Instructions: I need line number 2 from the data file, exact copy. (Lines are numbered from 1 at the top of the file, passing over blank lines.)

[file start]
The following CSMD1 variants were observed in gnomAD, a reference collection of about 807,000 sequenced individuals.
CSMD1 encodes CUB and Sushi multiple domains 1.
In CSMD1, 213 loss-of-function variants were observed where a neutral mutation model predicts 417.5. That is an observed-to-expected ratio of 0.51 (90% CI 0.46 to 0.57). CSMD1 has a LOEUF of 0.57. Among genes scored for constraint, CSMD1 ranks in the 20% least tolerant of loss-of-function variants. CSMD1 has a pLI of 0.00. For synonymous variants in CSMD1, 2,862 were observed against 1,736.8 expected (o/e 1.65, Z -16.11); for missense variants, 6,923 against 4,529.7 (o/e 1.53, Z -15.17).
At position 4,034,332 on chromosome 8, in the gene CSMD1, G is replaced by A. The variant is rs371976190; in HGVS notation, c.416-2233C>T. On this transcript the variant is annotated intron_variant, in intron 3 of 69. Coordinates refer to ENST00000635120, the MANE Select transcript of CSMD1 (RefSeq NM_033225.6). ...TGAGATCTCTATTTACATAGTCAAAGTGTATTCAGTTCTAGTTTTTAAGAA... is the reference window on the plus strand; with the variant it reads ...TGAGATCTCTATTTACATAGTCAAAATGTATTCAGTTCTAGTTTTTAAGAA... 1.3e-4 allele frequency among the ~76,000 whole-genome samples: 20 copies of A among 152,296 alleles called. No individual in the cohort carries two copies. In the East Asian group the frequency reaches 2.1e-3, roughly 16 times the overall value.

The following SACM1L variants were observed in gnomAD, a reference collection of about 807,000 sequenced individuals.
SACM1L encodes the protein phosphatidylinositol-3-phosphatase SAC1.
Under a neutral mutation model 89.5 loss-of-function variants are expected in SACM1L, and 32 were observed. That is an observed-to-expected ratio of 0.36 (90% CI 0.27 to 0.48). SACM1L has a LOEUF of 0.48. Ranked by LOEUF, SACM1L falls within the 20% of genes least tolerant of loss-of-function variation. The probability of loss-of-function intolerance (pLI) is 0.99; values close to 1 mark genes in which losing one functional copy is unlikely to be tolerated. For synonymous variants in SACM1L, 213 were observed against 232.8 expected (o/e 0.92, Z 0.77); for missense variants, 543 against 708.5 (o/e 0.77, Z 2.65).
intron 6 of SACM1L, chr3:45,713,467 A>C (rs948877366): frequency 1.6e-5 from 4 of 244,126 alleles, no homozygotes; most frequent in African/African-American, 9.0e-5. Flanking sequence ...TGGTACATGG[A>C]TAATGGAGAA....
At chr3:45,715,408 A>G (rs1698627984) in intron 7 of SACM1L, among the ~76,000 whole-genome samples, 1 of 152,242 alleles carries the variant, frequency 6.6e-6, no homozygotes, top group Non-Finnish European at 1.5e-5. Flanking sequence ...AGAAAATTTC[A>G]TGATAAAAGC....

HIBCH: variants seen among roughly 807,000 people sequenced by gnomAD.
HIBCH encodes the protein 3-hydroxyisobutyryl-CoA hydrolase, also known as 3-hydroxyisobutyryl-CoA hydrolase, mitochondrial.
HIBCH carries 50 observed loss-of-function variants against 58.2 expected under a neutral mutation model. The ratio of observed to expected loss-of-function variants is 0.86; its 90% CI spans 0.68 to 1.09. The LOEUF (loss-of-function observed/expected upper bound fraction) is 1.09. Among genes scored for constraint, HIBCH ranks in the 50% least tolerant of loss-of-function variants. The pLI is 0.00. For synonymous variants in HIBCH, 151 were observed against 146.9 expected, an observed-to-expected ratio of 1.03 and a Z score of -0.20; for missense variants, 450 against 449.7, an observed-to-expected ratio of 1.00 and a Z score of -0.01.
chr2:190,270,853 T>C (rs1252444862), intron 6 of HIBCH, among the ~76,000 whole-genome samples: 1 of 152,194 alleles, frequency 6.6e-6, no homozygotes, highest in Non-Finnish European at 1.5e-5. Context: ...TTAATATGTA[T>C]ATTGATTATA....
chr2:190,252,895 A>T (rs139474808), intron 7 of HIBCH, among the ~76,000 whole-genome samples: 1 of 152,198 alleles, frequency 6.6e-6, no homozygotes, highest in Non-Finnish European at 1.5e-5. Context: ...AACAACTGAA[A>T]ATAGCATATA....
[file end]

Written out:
CSMD1 encodes CUB and Sushi multiple domains 1.